), and time ( ).

Motion of Two Rockets


Learning Goal: To learn to use images of an object in motion to determine velocity and acceleration. Two toy rockets are traveling in the same direction (taken to be the x axis). A diagram is shown of a time-exposure image where a stroboscope has illuminated the rockets at the uniform time intervals indicated.

Part A At what time(s) do the rockets have the same velocity? Hint A.1 How to determine the velocity Hint not displayed ANSWER:

at time at time at times

only only and and

at some instant in time between at no time shown in the figure Correct

Part B At what time(s) do the rockets have the same x position? ANSWER: at time at time at times only only and and

at some instant in time between at no time shown in the figure Correct

Part C At what time(s) do the two rockets have the same acceleration? Hint C.1 How to determine the acceleration Hint not displayed ANSWER:

at time at time at times

only only and and

at some instant in time between at no time shown in the figure Correct

Part D The motion of the rocket labeled A is an example of motion with uniform (i.e., constant) __________. ANSWER: and nonzero acceleration

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velocity displacement time Correct

Part E The motion of the rocket labeled B is an example of motion with uniform (i.e., constant) __________. ANSWER: and nonzero acceleration velocity displacement time Correct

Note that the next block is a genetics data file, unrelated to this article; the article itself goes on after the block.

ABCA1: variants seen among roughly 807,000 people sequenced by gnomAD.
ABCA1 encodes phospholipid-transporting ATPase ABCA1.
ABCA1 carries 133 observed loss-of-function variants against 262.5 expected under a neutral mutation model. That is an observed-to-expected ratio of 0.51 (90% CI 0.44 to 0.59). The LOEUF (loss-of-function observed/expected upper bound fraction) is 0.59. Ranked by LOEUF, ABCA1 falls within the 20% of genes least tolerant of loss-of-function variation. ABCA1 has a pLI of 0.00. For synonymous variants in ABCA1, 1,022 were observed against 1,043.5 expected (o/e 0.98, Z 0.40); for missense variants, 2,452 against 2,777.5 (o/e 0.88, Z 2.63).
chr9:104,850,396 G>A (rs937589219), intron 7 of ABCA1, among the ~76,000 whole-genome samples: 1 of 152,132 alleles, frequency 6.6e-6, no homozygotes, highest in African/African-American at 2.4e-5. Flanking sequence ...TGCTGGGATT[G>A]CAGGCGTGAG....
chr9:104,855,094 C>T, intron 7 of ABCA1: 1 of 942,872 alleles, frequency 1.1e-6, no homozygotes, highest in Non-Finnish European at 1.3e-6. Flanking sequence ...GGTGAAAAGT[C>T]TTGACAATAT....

Part F At what time(s) is rocket A ahead of rocket B? Hint F.1 Use the diagram Hint not displayed ANSWER:

before after before between

only only and after and

at no time(s) shown in the figure Correct

Tactics Box 1.6 Using Significant Figures


Learning Goal: To practice Tactics Box 1.6 Using Significant Figures. You can think of a significant figure as being a digit that is reliably known. For example, a length measurement of 6.2 one-hundredthsis not reliably known and is thus not a significant figure. has two significant figures, the 6 and the 2. The next decimal placethe

Determining the proper number of significant figures is straightforward, but there a few definite rules to follow. These are summarized in this tactics box.
TACTICS BOX 1.6

Using significant figures.

It is acceptable to keep one or two extra digits during intermediate steps of a calculation. The goal here is to minimize round-off errors in the calculation. But the final answer must be reported with the proper number of significant figures. 1. When multiplying or dividing several numbers, or when taking roots, the number of significant figures in the answer should match the number of significant figures of the least precisely known number used in the calculation. 2. When adding or subtracting several numbers, the number of decimal places in the answer should match the smallest number of decimal places of any number used in the calculation. 3. It is acceptable to keep one or two extra digits during intermediate steps of a calculation, as long as the final answer is reported with the proper number of significant figures. The goal here is to minimize round-off errors in the calculation. But keep only one or two extra digits, not the seven or eight shown in your calculator display.